The MAX 360 is a dual antenna, GPS powered radar and laser detector that features Bluetooth connectivity to hook up to an app on your mobile device. As you pull the detector out of the box initially, the first thing you’ll notice is the carrying case. All of the components are packaged inside the carrying case from the factory. I liked how the case had a storage compartment on the front and a place to add your contact details in case you left it somewhere. It’s a zip-up travel back too, making it easy to insert or remove the detector and carry it along with you.
What’s in the Box
Inside of the carrying case you’ll find all of the components. It’s a basic list of components that ultimately enable you to 1) power the radar dector and 2) mount it to your windshield. So the list of components in the box is small and compact.
- Radar detector
- Coiled/straight SmartCord with DC power adapter and RJ11 modular jack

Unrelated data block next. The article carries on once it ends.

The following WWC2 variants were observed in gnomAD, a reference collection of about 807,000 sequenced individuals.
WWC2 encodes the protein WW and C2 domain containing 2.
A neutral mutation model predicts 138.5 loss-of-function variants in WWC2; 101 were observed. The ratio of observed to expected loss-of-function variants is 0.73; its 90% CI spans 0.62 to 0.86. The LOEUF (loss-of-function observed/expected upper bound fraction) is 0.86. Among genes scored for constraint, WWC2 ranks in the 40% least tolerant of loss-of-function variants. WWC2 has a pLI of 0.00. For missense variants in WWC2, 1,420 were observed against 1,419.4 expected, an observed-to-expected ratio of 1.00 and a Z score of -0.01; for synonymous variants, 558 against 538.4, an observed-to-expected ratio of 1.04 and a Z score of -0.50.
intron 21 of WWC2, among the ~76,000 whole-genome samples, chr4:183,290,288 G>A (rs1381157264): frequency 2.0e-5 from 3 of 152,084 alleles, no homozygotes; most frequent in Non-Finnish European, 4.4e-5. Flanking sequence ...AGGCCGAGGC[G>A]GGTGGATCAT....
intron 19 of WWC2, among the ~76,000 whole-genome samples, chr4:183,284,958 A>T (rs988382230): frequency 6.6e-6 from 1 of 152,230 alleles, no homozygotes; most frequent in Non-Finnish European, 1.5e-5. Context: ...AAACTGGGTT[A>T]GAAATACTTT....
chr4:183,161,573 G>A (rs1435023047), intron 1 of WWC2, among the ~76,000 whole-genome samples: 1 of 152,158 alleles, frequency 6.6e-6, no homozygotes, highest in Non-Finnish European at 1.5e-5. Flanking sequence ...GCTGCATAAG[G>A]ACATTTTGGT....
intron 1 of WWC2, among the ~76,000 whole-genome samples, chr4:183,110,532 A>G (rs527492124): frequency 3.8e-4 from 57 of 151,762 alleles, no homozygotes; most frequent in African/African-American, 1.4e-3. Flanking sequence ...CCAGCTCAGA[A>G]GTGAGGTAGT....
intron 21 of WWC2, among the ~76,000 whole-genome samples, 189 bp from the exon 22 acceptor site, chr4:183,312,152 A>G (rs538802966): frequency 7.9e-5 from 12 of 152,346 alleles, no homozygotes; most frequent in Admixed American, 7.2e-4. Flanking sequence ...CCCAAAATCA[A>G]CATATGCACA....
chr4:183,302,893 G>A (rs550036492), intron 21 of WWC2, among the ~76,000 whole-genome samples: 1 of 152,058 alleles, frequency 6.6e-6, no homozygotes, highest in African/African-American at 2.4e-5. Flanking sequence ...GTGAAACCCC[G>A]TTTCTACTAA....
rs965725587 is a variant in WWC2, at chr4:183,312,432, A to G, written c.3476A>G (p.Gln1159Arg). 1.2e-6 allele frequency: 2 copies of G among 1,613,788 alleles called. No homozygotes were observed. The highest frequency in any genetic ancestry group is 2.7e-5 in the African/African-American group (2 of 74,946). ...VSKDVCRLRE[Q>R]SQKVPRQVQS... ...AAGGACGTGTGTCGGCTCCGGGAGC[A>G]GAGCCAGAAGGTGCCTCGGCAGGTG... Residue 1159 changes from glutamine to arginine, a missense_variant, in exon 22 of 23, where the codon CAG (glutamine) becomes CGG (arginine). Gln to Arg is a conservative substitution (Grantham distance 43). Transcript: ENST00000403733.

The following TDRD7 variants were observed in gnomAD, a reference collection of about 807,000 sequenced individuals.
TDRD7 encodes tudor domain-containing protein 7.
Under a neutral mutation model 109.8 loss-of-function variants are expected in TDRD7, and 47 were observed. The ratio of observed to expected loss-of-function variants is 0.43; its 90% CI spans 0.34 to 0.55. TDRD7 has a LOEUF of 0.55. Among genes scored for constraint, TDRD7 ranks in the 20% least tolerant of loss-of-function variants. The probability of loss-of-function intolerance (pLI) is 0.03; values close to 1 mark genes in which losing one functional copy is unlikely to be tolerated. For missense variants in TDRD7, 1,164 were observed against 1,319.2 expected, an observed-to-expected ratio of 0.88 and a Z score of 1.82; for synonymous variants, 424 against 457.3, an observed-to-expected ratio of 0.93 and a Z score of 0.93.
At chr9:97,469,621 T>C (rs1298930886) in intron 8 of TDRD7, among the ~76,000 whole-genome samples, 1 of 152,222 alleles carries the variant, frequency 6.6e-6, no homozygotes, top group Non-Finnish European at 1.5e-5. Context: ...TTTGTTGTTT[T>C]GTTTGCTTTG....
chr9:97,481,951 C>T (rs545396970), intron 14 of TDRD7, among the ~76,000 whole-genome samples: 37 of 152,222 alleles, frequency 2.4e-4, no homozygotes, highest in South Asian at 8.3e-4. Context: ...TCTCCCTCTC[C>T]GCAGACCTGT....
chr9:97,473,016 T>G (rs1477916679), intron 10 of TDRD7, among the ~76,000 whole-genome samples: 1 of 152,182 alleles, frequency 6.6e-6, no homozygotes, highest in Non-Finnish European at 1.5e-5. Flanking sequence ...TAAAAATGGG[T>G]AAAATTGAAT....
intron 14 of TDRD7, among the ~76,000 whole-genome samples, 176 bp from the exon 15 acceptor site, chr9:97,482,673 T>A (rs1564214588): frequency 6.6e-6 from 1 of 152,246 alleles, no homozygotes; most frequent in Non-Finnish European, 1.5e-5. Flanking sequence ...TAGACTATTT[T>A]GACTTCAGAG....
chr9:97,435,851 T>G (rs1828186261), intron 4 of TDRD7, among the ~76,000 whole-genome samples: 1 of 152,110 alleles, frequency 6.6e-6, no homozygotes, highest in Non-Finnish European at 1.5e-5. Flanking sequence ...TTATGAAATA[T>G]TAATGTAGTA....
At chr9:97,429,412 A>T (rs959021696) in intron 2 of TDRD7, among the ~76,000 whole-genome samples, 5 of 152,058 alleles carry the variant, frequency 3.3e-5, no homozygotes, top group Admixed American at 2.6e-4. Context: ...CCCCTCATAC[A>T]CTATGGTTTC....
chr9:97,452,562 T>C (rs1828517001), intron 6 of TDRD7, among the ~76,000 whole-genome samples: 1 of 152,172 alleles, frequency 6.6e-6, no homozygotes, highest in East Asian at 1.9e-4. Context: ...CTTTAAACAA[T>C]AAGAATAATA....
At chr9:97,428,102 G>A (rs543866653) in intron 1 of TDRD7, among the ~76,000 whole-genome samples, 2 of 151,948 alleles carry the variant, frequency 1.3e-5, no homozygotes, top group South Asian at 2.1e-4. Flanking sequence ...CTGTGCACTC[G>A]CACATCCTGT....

- StickyCup ‘EZ Mag’ magnetic mount
- Quick Reference booklet
- Product Registration/info card
- Zippered travel case
All of the components in the box passed the initial eyeball test. I got the sense that the products were high quality, from the charger to the detector itself. What I liked about what ESCORT included is the coiled SmartCord that allows you to:
- Power the radar detector via the RJ11 jack
- Mute the radar detector directly on the jack itself via the mute button
- Charge another device via the USB output jack on the face of the SmartCord
It’s also worth pointing out that ESCORT included a quick start guide, but I would recommend getting to know the features more directly in the full manual that’s located on their website.
On the face of the radar detector, there’s an OLED graphic display that you can customize using one of the various display modes (I’ll get into these later on). To the right of the display is a directional alert, where a series of arrows will appear in the direction that the signal is coming from.
On the top of the unit, you’ll find all of the control buttons. This includes:
- BRT (Brightness): Used to adjust the brightness of the display. I liked that it included an ‘Auto’ mode in addition to the standard min, med, etc.